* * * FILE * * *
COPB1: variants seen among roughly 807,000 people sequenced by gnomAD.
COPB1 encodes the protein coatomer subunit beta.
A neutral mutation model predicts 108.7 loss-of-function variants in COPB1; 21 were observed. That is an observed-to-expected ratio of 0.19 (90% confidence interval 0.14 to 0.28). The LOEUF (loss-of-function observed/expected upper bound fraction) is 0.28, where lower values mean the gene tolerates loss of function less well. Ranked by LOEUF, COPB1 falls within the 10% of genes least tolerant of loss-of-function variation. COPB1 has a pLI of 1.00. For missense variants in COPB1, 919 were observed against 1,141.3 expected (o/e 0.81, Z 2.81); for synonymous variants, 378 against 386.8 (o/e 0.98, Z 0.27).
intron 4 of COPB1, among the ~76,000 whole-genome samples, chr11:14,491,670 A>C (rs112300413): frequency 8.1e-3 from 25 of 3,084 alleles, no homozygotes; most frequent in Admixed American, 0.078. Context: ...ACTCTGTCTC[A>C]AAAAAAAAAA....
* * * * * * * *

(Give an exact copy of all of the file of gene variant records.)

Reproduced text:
COPB1: variants seen among roughly 807,000 people sequenced by gnomAD.
COPB1 encodes the protein coatomer subunit beta.
A neutral mutation model predicts 108.7 loss-of-function variants in COPB1; 21 were observed. That is an observed-to-expected ratio of 0.19 (90% confidence interval 0.14 to 0.28). The LOEUF (loss-of-function observed/expected upper bound fraction) is 0.28, where lower values mean the gene tolerates loss of function less well. Ranked by LOEUF, COPB1 falls within the 10% of genes least tolerant of loss-of-function variation. COPB1 has a pLI of 1.00. For missense variants in COPB1, 919 were observed against 1,141.3 expected (o/e 0.81, Z 2.81); for synonymous variants, 378 against 386.8 (o/e 0.98, Z 0.27).
intron 4 of COPB1, among the ~76,000 whole-genome samples, chr11:14,491,670 A>C (rs112300413): frequency 8.1e-3 from 25 of 3,084 alleles, no homozygotes; most frequent in Admixed American, 0.078. Context: ...ACTCTGTCTC[A>C]AAAAAAAAAA....